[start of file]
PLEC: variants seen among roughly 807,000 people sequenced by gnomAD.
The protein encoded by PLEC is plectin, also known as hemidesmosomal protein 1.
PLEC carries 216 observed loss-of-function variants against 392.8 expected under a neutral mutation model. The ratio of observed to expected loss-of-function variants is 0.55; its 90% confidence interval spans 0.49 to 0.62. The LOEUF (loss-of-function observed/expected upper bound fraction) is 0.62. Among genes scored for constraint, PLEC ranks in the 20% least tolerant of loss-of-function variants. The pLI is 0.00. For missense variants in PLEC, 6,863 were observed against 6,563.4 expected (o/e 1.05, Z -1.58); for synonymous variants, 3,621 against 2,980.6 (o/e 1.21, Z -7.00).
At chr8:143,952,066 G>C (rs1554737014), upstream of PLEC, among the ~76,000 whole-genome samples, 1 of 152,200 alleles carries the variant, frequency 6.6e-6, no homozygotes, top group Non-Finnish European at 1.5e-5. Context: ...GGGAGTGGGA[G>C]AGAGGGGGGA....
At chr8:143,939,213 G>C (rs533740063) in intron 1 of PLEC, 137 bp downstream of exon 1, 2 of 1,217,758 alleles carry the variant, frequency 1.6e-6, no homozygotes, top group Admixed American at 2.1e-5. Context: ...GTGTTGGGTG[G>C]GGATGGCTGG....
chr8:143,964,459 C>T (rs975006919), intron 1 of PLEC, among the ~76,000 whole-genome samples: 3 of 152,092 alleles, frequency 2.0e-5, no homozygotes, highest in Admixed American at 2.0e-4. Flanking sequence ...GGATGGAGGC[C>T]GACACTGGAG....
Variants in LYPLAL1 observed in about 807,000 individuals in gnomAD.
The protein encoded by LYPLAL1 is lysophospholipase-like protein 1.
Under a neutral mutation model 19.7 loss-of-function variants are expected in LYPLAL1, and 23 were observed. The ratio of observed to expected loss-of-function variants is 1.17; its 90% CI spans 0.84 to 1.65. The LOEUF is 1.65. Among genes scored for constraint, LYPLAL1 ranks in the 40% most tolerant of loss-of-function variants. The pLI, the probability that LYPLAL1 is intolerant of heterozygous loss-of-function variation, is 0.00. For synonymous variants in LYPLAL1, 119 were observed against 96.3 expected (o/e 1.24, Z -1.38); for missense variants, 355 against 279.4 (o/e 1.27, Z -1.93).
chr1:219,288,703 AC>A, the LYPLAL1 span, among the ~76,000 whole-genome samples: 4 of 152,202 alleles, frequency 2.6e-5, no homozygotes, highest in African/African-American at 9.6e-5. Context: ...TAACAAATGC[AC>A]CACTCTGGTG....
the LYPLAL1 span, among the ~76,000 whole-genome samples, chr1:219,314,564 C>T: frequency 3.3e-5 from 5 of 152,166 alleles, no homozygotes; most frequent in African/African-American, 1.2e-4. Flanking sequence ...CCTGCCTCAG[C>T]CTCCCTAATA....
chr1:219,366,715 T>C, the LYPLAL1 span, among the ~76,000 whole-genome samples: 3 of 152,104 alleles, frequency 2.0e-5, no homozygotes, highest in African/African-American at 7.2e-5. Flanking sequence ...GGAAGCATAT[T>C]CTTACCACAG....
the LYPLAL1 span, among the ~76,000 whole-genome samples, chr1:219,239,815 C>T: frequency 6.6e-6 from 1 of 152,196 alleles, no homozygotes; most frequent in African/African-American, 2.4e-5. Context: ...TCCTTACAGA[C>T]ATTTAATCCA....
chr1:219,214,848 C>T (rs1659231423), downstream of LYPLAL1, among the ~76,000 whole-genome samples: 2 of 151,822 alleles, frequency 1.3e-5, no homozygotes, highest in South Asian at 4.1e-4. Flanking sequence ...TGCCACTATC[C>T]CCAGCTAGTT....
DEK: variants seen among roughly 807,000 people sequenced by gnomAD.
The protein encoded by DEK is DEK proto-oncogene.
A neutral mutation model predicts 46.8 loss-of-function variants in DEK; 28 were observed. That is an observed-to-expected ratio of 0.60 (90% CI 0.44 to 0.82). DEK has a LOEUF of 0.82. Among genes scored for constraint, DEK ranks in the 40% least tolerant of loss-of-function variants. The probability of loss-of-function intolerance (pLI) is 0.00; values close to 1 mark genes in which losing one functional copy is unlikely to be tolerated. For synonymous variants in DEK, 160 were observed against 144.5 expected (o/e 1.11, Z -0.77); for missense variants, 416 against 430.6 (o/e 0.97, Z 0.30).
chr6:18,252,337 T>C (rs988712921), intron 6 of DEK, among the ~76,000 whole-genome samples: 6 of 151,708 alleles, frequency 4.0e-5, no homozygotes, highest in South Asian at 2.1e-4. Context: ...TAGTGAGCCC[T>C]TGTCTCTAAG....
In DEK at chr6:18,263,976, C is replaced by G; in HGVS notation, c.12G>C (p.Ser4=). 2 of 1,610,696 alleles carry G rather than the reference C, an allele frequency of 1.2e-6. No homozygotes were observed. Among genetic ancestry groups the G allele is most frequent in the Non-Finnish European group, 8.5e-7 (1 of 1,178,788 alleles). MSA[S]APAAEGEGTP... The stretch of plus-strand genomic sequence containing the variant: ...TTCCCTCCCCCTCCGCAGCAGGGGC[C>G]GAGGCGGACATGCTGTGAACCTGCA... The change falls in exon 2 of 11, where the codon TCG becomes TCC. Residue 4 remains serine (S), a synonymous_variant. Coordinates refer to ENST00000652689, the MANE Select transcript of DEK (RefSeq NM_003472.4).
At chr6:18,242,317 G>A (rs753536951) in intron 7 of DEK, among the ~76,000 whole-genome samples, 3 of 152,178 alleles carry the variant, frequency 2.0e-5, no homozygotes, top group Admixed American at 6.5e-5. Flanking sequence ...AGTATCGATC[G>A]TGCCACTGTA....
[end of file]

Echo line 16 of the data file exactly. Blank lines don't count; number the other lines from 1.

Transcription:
The protein encoded by DEK is DEK proto-oncogene.